Josh Cochran’s work continually blows my mind. His concepts are thoughtfully executed, as he constructs images with filled with intricate details and pleasing color palettes. This particular piece, created with Cactus Communication for Charter Media, is filled to the brim with all sorts of characters. Some of my favorites include the cake head, dignified bird man, and the dude mowing the sidewalk. Can you spot them? It’s all the fun of “Where’s Waldo” without having to find Waldo.
- Olle Eksell Site & Shop
- This Is Forest — Joel Speasmaker
- MVM — Magnus Voll Mathiasson
- Art School Cliche Spotting
- Posters Discovered in Notting Hill Gate Tube Station
- Vinyl Documentary: To Have & To Hold
- Partisan Memorials in Former Yugoslavia
- Up in the Air- Opening sequence
- Geoff Mcfetridge: Where the Wild Things Are Title Design
- Nikkatsu – Japanese actions films
Ana Albero has an incredible illustration style that I can’t get enough of. Working primarily in graphite and colored pencil, Ana creates vibrant textured images of fine ladies and gents from a distantly familiar era often intermingling in an unknown time setting. This particular illustration for the German publication LE MONDE Diplomatique perfectly displays this style, with a dapper man stepping into an eerie office setting where women are steadfastly working with strange stamps. Ana carefully weaves many details in this piece, and successfully does so throughout her portfolio of work, creating memorable and often times humorous images.
The name Grady McFerrin should be easily recognizable if you’re a reader of The New Yorker or New York Times, where his illustration work shows up frequently. But, what I like to (of course) focus on is his lovely lettering style. The thing that makes Grady’s work unique is the un-rendered, folk quality of his text; paired with his minimal color palette, he manages to create pieces that could have come straight out of early Americana. What Grady does is highlight the old and oft-forgotten, and sends the viewer a beautifully nostalgic feeling of the past.
Emmanuel Romeuf is a talented French designer and illustrator with a knack for creating fun and whimsical illustrations. In the past, he’s designed shirts for Human Empire, and today we’re featuring a collection of communications he’s created for Gites de France. This collection is thoughtful in its execution from beginning to end, with its logo design and stationary to its travel brochures and postcards. With colorful details and playful images, these ephemeral items are definitely worth seeking.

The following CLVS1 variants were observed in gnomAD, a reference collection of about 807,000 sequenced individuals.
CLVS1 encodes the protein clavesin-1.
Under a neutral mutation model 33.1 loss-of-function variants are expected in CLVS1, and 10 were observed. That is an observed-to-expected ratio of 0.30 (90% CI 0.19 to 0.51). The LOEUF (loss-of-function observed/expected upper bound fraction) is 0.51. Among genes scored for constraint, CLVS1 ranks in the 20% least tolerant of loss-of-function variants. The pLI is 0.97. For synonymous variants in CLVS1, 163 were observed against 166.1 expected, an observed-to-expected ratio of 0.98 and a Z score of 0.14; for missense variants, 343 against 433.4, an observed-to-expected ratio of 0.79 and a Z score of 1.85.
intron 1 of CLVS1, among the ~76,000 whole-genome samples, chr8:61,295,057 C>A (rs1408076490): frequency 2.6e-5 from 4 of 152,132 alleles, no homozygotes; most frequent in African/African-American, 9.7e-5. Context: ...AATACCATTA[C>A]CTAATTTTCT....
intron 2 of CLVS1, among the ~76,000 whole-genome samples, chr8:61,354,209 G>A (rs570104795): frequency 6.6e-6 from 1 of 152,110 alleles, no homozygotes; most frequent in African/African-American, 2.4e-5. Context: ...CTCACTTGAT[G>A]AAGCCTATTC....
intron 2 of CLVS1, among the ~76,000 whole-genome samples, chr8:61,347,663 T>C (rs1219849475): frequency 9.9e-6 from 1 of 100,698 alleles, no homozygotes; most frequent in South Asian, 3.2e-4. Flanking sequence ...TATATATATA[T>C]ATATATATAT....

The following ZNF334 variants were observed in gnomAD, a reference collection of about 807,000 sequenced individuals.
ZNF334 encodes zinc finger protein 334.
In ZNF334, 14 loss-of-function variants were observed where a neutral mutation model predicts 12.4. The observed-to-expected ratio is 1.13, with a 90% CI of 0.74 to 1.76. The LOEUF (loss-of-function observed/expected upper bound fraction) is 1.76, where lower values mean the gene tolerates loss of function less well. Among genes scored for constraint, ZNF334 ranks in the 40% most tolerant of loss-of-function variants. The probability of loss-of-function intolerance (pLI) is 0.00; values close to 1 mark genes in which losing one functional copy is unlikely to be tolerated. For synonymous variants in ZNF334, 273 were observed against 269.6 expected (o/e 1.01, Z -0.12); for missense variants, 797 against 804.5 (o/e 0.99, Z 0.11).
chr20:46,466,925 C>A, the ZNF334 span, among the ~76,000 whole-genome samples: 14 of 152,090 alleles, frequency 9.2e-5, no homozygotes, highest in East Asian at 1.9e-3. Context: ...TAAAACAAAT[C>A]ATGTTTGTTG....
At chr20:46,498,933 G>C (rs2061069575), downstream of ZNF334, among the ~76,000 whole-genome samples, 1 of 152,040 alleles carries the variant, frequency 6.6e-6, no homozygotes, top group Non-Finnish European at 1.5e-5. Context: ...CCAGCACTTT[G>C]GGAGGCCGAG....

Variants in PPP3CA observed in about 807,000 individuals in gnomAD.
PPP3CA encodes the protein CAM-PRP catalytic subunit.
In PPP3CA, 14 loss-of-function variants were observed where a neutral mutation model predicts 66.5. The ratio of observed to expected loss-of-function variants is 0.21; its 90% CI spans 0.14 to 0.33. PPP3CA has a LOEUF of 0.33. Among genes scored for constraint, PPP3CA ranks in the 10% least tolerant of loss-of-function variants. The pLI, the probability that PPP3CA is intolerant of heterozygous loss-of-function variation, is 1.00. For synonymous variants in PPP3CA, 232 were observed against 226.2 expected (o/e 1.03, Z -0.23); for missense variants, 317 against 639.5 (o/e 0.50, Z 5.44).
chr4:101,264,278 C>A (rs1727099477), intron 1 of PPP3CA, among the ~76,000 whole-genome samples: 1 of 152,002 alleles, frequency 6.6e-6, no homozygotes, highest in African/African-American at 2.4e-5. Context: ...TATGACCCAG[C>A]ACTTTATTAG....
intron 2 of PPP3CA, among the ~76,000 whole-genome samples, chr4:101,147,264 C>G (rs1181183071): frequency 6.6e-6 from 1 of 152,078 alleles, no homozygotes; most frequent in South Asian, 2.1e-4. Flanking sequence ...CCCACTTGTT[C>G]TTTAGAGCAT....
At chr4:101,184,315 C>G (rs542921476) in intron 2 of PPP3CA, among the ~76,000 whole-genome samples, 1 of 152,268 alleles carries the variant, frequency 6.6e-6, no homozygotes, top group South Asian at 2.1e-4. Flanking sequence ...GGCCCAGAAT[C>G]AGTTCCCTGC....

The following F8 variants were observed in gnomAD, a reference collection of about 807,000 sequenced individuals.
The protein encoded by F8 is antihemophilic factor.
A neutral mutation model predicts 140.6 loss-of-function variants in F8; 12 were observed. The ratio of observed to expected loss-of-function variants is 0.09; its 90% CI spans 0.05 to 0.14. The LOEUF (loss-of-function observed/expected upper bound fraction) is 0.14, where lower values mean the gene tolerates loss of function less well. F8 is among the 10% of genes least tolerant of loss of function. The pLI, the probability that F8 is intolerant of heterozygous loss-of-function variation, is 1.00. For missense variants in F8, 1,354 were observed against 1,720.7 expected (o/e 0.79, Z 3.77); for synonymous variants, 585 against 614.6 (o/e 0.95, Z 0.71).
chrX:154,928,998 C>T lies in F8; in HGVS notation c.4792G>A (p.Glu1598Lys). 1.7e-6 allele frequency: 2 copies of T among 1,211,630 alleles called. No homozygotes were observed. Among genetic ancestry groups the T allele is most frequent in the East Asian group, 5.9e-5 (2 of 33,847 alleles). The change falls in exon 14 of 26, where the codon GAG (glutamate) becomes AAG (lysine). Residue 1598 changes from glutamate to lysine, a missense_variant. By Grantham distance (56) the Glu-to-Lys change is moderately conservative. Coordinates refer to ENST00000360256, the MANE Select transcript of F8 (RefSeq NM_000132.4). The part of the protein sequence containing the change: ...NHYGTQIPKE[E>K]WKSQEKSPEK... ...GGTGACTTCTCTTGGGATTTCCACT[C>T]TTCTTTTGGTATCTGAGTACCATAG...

Maria Corte is a Spanish illustrator with a flair for bright colors, textural accents, and engaging compositions. This illustration, created for the project “100 Cities for Peace,” demonstrates her knack for communicating essential details in an interesting way. She has a diverse collection of work, ranging from editorial and children illustrations for print to vibrant paintings and moving images.
I found the happiest illustrations of little monsters while thumbing through my latest issue of Virgin’s Roger magazine. Sure enough, these small creatures were created by none other than UK based illustrator Brett Wilkinson, better known by his pseudonym Onesidezero. Brett creates imaginative worlds by incorporating geometric patterns and forms, vibrant colors, and mythical creatures. This piece, titled “Busy Doing Nothing,” clearly depicts this world with its It’s clean shapes, complementary color palette, and fun patterns.
London based illustrator and animator, Celyn Brazier, sure has a way with color! Reminiscent of George Dunning’s psychedelic Yellow Submarine, this particular image depicts the sea and earth with its abundance of creatures, homes, and people. The composition is positioned so that everything feels connected. The images of floating jellyfish, zooming cyclists, and carefree birds also provide a nice natural rhythm within the imagined landscape.
The 1978 World Cup was held in Argentina between June 1 and June 25. Argentina would go on to beat the Netherlands 3-1. The men in this poster seem to be celebrating victory, but this seemingly innocent poster has a very dark story to tell.
Argentina had suffered a military coup only two years before the cup and was in the middle of a dirty war against left wing sympathizers. Up to 30,000 people “disappeared” during this time. These events coincided with a campaign of political repression involving dictators from other South American countries dubbed “operation condor“. Thousands of people were tortured and many lost their lives.